The barrage building engineering knowledge was wholly based on rivers of Europe and North America not subject to extensive silting. And the project was inaugurated in March 1955 by the President of India, who had himself expressed the view in 1937 Bihar Flood Conference that the silt brought down by a river descending from the Himalayan range would be on a scale different from anything experienced elsewhere. The Koshi was barraged at Bhimnagar on the Nepal-India border, and management entrusted explicitly and exclusively to the Government of Bihar. Long levees were built on both sides upstream of the barrage to guide the water to the barrage, there to feed two large irrigation canals. Downstream, another 125 km of embankments were constructed to the south to safeguard eastern Bihar from floods. For 50 years the Koshi has deposited its silt, which previously had been deposited over a wide region, on its bed between the confining embankments. As the bed was raised, the embankments were raised as well. And by a gradual but inexorable process, the Koshi came to flow on what was now a plateau up to five metres higher than the surrounding plains of Terai and Bihar.
As a result of these measures, 386 villages spread across the four districts of Saharsa, Supaul, Madhubani, and Darbhanga, and over eight lakhs of cultivators were trapped within the embankments of the Koshi, whose waters pass over these villages every year at the end of the monsoon. This is a land of utter misery, lacking electricity, roads, hospitals, cinema house, bank, block, or any other government office. And outside the embankments the flood control measures have been a total failure. Eklavya Prasad of Megh Pyne Abhiyan, a recognized expert, has estimated that the flood-prone area of Bihar has tripled since the construction of the Koshi barrage. The record of the Government of Bihar in maintaining the embankments has been one of scandalous corruption and failure. Embankments were breached in Dalwa (Nepal) in 1963, Jamalpur (Darbhanga) in 1968, Bhatania (Supaul) in 1971, Bahuarwa (Saharsa) in 1980, Hempur (Saharsa) in 1984, and Joginia (Nepal) in 1991. For the Bihari politicians the resulting floods were a welcome opportunity for theft and extortion.
On August 18, 2008, and at a time of relatively moderate flow of the Koshi, the embankment was breached in Western Kusaha Panchayat in Nepal. The Government of Bihar failed to respond, and this time the damage became in all probability irreversible. The Koshi spilled out of the plateau it had been permitted to build and immediately inundated four Panchayats of Sunsari district in Nepal, with a population of some 35,000. The river now spread out to the east through Bihar, seeking its old channels on its way to the Ganges. Blocked on the west from its bed by its towering embankments, and from a direct route to the south by raised roadways, the river created an inland sea. The Koshi did not break through to the Ganges until well into September. By this time official sources acknowledged that 35 lakh people have been flooded out, and the true figure is surely far higher. The response of the Bihar and Union governments has been worse than inadequate, verging on the criminal. Deaths number in the thousands, and continue in the improvised camps where water and food are scarce, and disease flourishes. As you can see, neither the flood nor the response were a “natural calamity” but one squarely the result of the acts and omissions of the rulers of India and Bihar over the last fifty years, continuing to this very moment.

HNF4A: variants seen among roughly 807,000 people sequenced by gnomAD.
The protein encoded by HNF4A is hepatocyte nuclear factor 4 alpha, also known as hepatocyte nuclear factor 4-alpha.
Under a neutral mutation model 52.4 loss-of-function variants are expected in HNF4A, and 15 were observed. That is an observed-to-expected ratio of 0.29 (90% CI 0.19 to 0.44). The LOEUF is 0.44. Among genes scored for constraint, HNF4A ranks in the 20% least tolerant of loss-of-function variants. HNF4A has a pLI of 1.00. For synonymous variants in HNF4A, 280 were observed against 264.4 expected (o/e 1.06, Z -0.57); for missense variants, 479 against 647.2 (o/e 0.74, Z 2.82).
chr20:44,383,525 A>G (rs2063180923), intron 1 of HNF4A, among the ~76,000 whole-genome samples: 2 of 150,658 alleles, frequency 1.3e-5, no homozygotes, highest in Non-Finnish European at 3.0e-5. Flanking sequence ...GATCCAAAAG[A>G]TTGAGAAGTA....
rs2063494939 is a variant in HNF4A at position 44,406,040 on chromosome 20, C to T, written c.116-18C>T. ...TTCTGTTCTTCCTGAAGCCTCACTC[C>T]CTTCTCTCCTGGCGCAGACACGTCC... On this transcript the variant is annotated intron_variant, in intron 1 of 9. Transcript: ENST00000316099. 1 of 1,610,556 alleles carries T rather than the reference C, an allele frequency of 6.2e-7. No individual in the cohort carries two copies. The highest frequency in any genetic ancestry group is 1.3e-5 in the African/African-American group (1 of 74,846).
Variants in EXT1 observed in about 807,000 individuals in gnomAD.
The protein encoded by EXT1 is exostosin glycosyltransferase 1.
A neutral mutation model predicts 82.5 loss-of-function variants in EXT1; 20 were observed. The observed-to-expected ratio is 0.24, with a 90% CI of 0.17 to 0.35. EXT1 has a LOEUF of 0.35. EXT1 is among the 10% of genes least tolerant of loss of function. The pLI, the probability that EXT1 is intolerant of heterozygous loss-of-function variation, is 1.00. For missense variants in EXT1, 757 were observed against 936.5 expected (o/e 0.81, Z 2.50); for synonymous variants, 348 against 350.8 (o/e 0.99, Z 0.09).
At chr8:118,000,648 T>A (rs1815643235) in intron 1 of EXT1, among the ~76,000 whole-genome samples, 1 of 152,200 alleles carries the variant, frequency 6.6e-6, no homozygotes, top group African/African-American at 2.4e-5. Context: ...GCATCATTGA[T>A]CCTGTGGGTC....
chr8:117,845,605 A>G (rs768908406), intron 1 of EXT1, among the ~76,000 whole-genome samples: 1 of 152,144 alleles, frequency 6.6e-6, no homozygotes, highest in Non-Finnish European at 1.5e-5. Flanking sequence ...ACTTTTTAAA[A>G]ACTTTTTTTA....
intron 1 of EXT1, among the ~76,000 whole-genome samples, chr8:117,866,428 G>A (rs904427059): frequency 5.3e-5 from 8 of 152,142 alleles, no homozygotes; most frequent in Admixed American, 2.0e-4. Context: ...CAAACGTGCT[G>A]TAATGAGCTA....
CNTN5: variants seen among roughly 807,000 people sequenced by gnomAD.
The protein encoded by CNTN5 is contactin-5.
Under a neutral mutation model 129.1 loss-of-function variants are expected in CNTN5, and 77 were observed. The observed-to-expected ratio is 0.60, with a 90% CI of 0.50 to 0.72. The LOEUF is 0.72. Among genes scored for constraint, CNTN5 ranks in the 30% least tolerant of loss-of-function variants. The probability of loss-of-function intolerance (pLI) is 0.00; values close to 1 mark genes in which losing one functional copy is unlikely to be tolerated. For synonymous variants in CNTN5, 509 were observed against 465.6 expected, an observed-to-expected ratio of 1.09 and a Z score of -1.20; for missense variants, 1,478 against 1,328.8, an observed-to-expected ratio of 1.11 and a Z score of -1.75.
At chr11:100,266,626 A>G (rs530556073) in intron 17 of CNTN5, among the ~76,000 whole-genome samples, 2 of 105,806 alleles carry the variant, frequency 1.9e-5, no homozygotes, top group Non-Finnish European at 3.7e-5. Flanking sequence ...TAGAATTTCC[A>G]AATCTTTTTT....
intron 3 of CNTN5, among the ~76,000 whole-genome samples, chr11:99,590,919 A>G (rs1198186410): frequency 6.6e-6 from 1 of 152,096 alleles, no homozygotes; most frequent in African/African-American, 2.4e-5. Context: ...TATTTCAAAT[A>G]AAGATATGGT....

In this stench of death and failure of the Indian post-Independence regime, came the first hint of a better future. Nepal Prime Minister Prachanda said after a visit to Sunsari, one of his first tasks as PM, that the Indo-Nepal Treaty of 1954 was”a historical blunder.” Indian promises to Nepal in the 1954 Koshi agreement (and its subsequent amendments) of benefits have without exception turned out to be lies. The irrigated land lies (today submerged) within India, “concessional” electric power is charged for at high rates, payment for Nepali lands submerged or leased has not been made after many decades, promised roads were not built by India, and maintenance of the embankments — and the embankments themselves — collapsed. See SB Pun, “Kosi River: From ‘Sorrow of Bihar’ to ‘Sorrow of Nepal?'” Spotlight, Sept 5, 2008.
It is not only the embankments that have been breached, the 1954 Koshi agreement — an unequal treaty if ever there were one — has been breached as well. Under international law it is now no more than a scrap of paper. There is no hope for a rational solution to the dramatic challenges of the ecological water crisis from the criminal gang of bourgeois Bihari politicians, from deranged giant dam proponents, from Chidambaram&Co, from the “cross-fire” murdering generals of Bangladesh, or from the gentle hands of the Sangh Parivar. But Nepal is a necessary participant in any water plan; that is where the rivers commence. When Prachanda sits down to renegotiate the water treaties he will be representing not only Nepal, but the hopes of all in the region for a better future. Yet ultimately if we are successfully to manage the looming environmental water disaster it shall require a radical change in the balance of class forces in society in both India and Bangladesh; we can hope that Nepal will light the path.